None this Issue
Action Research is used in many teacher education programs to promote reflection, inquiry, and a sense of efficacy in pre-service teachers. As teacher educators working with a cohort of thirty-two teachers in a nine-month program, we decided to incorporate action research into the Teacher Education Seminar, a foundational course addressing general principles of learning and teaching. This is the first of a four-part series discussing the different facets of this project. In this article, we examine how, working together, we hoped to design an action research activity that would enrich the practicum teaching experience of pre-service teachers.
Is reflexivity the condition of taking account of the personality and presence of the researcher within the investigation? Some argue that it is and it is necessary because self-examination is commonplace in society today. Improving and building are common goals, and within education we are committed to questioning in order to examine, build, and improve our teaching, our curricula, and ourselves. However, is the educational researcher adding to current knowledge and skills by building onto what exists? Often the new constructions require significant reflexive awareness and are required to overcome inertia, existing structures and the established norms in order to attend to our reflexive self-development.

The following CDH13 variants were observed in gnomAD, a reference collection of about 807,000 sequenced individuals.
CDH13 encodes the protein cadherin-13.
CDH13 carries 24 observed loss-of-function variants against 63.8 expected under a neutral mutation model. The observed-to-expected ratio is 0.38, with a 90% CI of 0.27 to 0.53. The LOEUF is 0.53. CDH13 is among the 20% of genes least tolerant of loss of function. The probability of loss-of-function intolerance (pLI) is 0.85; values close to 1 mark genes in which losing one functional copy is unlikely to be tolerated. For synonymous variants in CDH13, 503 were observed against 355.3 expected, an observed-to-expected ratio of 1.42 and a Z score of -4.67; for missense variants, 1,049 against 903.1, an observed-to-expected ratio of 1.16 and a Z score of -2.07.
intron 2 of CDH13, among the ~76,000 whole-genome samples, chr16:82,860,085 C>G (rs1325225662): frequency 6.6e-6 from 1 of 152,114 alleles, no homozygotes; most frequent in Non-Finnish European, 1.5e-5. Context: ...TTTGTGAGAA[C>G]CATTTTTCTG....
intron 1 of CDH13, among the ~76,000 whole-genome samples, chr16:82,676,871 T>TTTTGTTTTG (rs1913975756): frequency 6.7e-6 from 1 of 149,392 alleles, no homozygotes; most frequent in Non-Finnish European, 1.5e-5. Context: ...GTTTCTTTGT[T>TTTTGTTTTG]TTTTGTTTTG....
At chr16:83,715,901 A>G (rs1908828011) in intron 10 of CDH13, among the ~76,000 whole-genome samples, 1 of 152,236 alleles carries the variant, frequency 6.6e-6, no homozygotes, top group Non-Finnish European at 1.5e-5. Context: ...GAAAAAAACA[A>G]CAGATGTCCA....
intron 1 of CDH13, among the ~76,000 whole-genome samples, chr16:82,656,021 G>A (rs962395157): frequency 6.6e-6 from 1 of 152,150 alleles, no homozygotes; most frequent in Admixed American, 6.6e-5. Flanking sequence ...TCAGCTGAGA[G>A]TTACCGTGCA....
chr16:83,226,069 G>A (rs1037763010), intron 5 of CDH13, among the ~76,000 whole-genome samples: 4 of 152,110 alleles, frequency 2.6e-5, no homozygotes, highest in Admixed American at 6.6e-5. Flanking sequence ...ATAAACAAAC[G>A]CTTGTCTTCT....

This study, taking place in a grade 9 class in an urban south-eastern Ontario community, sought to answer two research questions: What are the factors that impede or facilitate the implementation of multiple assessments? What are students’ views of being assessed using multiple assessments? In the end, five factors emerged that impeded the implementation of multiple assessments (time, collaboration, curriculum content, students, and reporting to parents) while it was found that three factors facilitated the implementation of multiple assessments (examining beliefs, resources, and planning/organizing).
None this Issue